Fishbone Diagram

Also known as an Ishikawa diagram, is a widely used technique in project management. The diagram provides a means of evaluating the cause-and-effect relationship between the various activities necessary for completing a project by visualising all activities in the project as bones that interconnect on an anterior and posterior spine, with causality flowing from one to another.

More terms you might want to know

Thumbnail

A small, non-preview image that accompanies a larger image. It provides an immediate sense of the content while not necessarily revealing it in its entire scope.

Pictorial Mark

A graphic representation, such as an icon, of a company or brand. Pictorial marks can be used on marketing materials to communicate the intentions and personality of the company. Factors such as colour, placement, and shape are significant in how the general public perceives a pictorial mark.

Lettermark

A symbol that is used in the design industry to give a more personal touch. Lettermarks can be an individual's name or initials that are cleverly designed and incorporated into a company's logo.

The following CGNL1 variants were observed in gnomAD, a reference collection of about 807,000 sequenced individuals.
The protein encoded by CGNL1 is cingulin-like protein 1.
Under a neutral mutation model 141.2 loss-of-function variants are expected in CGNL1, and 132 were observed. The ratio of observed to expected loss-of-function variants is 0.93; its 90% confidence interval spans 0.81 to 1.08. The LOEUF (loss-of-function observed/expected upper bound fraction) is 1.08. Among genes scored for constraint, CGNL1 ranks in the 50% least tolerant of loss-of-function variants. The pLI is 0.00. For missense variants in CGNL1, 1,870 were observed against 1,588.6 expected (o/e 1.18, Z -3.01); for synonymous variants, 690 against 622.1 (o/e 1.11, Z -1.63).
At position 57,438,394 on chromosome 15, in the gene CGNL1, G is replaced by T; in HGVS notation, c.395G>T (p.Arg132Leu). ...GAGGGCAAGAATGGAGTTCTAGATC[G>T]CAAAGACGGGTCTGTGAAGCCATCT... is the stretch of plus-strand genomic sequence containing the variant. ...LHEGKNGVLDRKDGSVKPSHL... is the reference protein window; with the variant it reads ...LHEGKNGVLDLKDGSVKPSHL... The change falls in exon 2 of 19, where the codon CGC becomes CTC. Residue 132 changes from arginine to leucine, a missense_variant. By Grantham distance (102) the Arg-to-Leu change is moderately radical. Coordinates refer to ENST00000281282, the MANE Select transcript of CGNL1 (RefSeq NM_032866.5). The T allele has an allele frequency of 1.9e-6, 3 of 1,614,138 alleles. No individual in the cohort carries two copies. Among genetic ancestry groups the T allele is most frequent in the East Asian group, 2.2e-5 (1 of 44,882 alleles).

Quick Keys or Shortcuts

A Shortcut is a computer function that performs a set of commands to save time. A Quick Key is a keyboard shortcut used to trigger an action.

Italics

A type of typographical contrast used to convey emphasis. Italics were initially developed for the printing press and are now widely used in print, web design, public signs and labelling systems.

Diary Study

A technique for understanding people’s experience of a product or service. Participants are asked to keep daily records of their experience using the product, and these records are taken into consideration when designing the design.

Zeigarnik Effect

A psychological phenomenon that states that people tend to remember unfinished or interrupted tasks better than completed tasks.

Vector Graphics

Vector graphics are made up of two sets of points: control points (which determine shape) and anchor points (determining length). Anchor points attach geometry to form a shape like a ball or a heart.

Complementary Colours

Colours that directly across the colour wheel, like blue and orange. When you put these colours next to each other, they make a great contrast together. Complementary colours are often found in nature.

User Research

A field of study that aims to understand the user experience of a product or service. Conducting UX research includes interviewing, observing, and surveying users. Understanding the user experience is important because it helps designers understand how to design a better product that will be more appealing and usable for people.

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